Community Action for Spaceship Earth (CASE) Project Initiative A draft proposal for an ENIRDELM sub-network

Who are we?

Members of the ENIRDELM network who are seeking to ‘make a difference’ by focusing educational leadership and practice on urgent contemporary realities and encouraging young people to make a social impact for ‘a better more sustainable future’. 

How did the CASE initiative start?

Participants in a workshop at the 22nd ENIRDELM conference in Portoroz, Slovenia responded to an invitation to move from theory to practice relating to the social reconstructionist  view that schools and higher education institutions can make an impact on their local communities and promote ‘global consciousness’ and ‘world citizenship’.  

What are we proposing?

An international project targeted on educational leaders (institutional leaders, teachers and their developers) to promote action in schools and higher education that will lead to community action by students to address the widespread passivity about urgent global problems that threaten the coming generation.

These global issues stem from the finite limits of the natural world that are rapidly being exceeded or approached by the impact of human activity driven by growth economics. We use the tag “Spaceship Earth” to emphasize the finite nature of our planetary home whose capacity to support the well-being of the ‘crew’ is now being overshot.

The amazing developments in information and communications technology can be used to build and strengthen the networking of community action across the world by joining together various nuclei of innovations in educational leadership and practice.

Why do we propose this Community Action for Spaceship Earth (CASE) Initiative?
1.        Because of urgent but ignored global problems facing us all

Humanity, in ten generations of exponential growth has reached an unprecedented range of knowledge and technological developments that have created a massive capacity to modify nature. At the same time, we are surrounded by societal and ecological problems.

This critical state is largely ignored due to:

·           lack of perception or social imagination about impact on the planet of humans and ways of preventing limits to sustainability. Out-dated assumptions persist about humans and nature and the hope of unlimited economic growth. ‘Utopian thinking’ about a harmonious and peaceful world is dismissed as hopelessly idealistic.
·           lack of sense of agency among large sections of humanity when faced with seemingly insoluble problems, complex issues and social  mechanisms on a global scale. Many of us feel largely powerless even in our personal lives to influence global processes.
·           lack of ideas about exactly what to do in the education arena which is overwhelmingly dominated by the drive to focus on the ’GNP ideology’ of competitiveness in the globalised market by producing students who will contribute to national economic growth.
·            lack of freedom or scope to encourage community action on ‘glocal’ issues  due to  the imperatives of "common core content and PISA standards" and many forces of inertia and  vested interests of those currently driving education systems.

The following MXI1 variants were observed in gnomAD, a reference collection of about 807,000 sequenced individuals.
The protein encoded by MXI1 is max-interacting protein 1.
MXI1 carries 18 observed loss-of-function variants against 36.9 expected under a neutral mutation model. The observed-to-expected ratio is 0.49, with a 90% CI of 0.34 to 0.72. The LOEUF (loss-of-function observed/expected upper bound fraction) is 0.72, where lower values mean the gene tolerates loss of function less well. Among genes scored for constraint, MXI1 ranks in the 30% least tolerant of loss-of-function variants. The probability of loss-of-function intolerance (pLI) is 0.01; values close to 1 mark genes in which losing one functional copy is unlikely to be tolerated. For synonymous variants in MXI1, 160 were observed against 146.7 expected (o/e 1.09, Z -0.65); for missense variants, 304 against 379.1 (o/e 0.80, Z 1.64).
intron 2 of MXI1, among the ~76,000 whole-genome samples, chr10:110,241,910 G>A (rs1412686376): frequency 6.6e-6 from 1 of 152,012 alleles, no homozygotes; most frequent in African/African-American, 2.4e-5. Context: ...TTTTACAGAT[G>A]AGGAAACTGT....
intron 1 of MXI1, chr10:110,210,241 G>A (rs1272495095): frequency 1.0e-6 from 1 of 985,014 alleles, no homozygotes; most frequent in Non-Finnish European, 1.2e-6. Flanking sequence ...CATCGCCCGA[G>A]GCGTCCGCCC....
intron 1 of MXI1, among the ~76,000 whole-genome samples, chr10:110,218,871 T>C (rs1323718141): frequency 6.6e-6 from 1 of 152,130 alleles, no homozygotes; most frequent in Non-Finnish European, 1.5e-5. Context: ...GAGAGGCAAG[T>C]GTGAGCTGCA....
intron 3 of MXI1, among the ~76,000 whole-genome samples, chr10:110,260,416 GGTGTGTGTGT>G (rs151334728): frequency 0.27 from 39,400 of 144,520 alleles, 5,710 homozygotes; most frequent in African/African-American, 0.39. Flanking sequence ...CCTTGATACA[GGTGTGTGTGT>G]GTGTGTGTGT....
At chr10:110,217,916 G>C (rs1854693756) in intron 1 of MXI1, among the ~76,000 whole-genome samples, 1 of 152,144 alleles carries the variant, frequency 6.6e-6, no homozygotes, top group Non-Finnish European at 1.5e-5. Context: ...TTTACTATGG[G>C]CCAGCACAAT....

This leads to a paralysis of will and passivity on the part of potential socially active citizens and educational leaders.  In a world dominated by corporate interests with vested interests in maintaining the dominant individualistic-materialistic ‘Western worldview’ and unlimited economic growth, such passivity suits the needs of those in power.

2.       Because we offer a vision of change for students, teachers and school leaders.

We are committed to: 
·           the vital role of the youth in the processes of social transformation towards a desirable global future. Due to their limited investment in and attachment to the status quo, their natural idealism and entrepreneurial drive, and their plasticity and learning capability, young people are best suited to act as trailblazers or “revitalizing agents” for a truly human and ecologically sustainable future global society. They have potential to develop both social imagination and a sense of agency.
·           developing social and global imagination of educators and their students that will release capacities for learning and lead to local action for global purposes. 
How might the CASE initiative proceed?

The CASE initiative therefore will focus on:

1.       Educational leadership and teacher in-service education programs initially in Finland, Latvia, Slovenia and Sweden.
2.       Setting up networks of schools within each country with the support of the program leaders and participants
3.       Sharing experience internationally between these national programs and networks using the established resources and conference opportunities within ENIRDELM.

What would the community action involve in schools and universities?

The process involves four phases in line with well-established procedures of action research.

Phase 1: Needs identification - With a team of teachers as their mentors, students form small groups to identify global (”Spaceship Earth”) issues, developmental needs and possibilities in local contexts (’glocal’ issues). They conduct interviews, observation, documents and media analysis in the local community to discover on what to focus their actions. Each community action group would create and ‘own’ the focus for action but, for example, students might:

·         make presentations and seminars within and outside their institutions;